In the US 45% of employment is by enterprises with more than 250 employees, compared to only 33% in the European Union (EU). The definition of a small and medium enterprise (SME) used was that it employed less than 250 people, a small enterprise was defined as employing 10-49 staff, and a micro-enterprise as one with under 10 employees.
The EU contained 20.4 million SMEs and only 43,000 large companies. Of the SMEs 92% were micro-enterprises.
Taking the ratio of SMEs to population the country with the smallest ratio of SMEs to population was Germany – Europe's most successful economy.
The average productivity of labour in European small and medium enterprises was significantly lower than in large enterprises. EU SMEs in 2005, the latest year for which data is available, accounted for 67% of jobs but only 58% of value added. Because of lack of economies of scale EU SMEs had a productivity that was only 86% of the EU average.
The conclusions which flow from this are evident.
First, the higher productivity of the US compared to the EU remains correlated with its higher proportion of the workforce employed in large enterprises – putting another nail in the coffin of 'small is beautiful' confusions.
Second this is almost certainly not only a correlation but a causal connection. If US large enterprises are more productive than SMEs in the same way as the EU pattern, which is highly likely, then the greater proportion of large scale enterprises in the US compared to the EU helps explain the US's higher productivity.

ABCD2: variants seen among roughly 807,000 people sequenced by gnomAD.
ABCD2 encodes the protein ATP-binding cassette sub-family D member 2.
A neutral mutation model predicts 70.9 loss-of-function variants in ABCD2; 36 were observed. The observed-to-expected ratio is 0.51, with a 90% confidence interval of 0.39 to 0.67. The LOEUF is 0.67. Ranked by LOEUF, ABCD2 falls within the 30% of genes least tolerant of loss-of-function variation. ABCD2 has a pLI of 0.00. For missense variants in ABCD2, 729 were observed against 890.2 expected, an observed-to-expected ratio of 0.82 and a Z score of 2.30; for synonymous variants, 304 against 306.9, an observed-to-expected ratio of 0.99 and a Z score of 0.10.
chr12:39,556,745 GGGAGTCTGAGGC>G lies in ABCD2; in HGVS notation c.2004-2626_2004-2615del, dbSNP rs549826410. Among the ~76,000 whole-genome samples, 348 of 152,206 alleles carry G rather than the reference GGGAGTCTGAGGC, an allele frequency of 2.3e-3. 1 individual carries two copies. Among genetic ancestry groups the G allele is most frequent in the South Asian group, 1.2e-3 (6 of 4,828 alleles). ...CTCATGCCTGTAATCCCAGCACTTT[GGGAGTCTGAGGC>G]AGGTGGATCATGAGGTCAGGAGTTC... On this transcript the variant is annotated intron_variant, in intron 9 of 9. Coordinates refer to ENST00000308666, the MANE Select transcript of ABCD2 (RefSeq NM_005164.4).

The same pattern appears if the number of SMEs in a country is looked at. Germany, Europe's most competitive economy, had only 20 SMEs per 1,000 inhabitants compared to around 25 for the UK, 40 for the average for the EU, 65 for Italy and 80 for Portugal.
The talk that 'small and medium enterprises' are the key to the economy', 'the future lies with small and medium enterprises' is simply not true – no matter how much it is an ideology which allows right of centre political parties to appeal to the small enterprises which form a key part of their electoral support. The key to high levels of productivity remains, as it has always been, the creation of large scale enterprises. Not for nothing was the US, the world's most productive economy, the home of 'big business'. It is one of the weaknesses of the teaching of academic economics that it has failed to sufficiently integrate the work of Alfred Chandler and other classic historians of US company and industry structure.
The conceptual caution that must be made is first that, as every industry is specific, large scale company development has to be a development of market, or quasi-market, forces and cannot simply be imposed administratively - as was attempted in the former Soviet system. Second, size of company must not be confused with the physical size of units of production. A company may include several physical sites of production – and it is company size, not physical size, which is crucial.
The data in the Financial Times however clearly confirms the correlation of scale of enterprise and productivity. Large scale enterprises, not small and medium ones, continue to represent the 'wave of the future' - the most powerful instrument for raising the productivity of an economy.
In addition to the main theoretical interest of the article noted above it also analyses the squeeze on small and medium enterprises (SMEs) in a number of European countries – for example in Portugal the number of SMEs has fallen by 45% from 489,000 in 2005 to 267,000 at present.
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This article originally appeared on the blog Key Trends in Globalisation.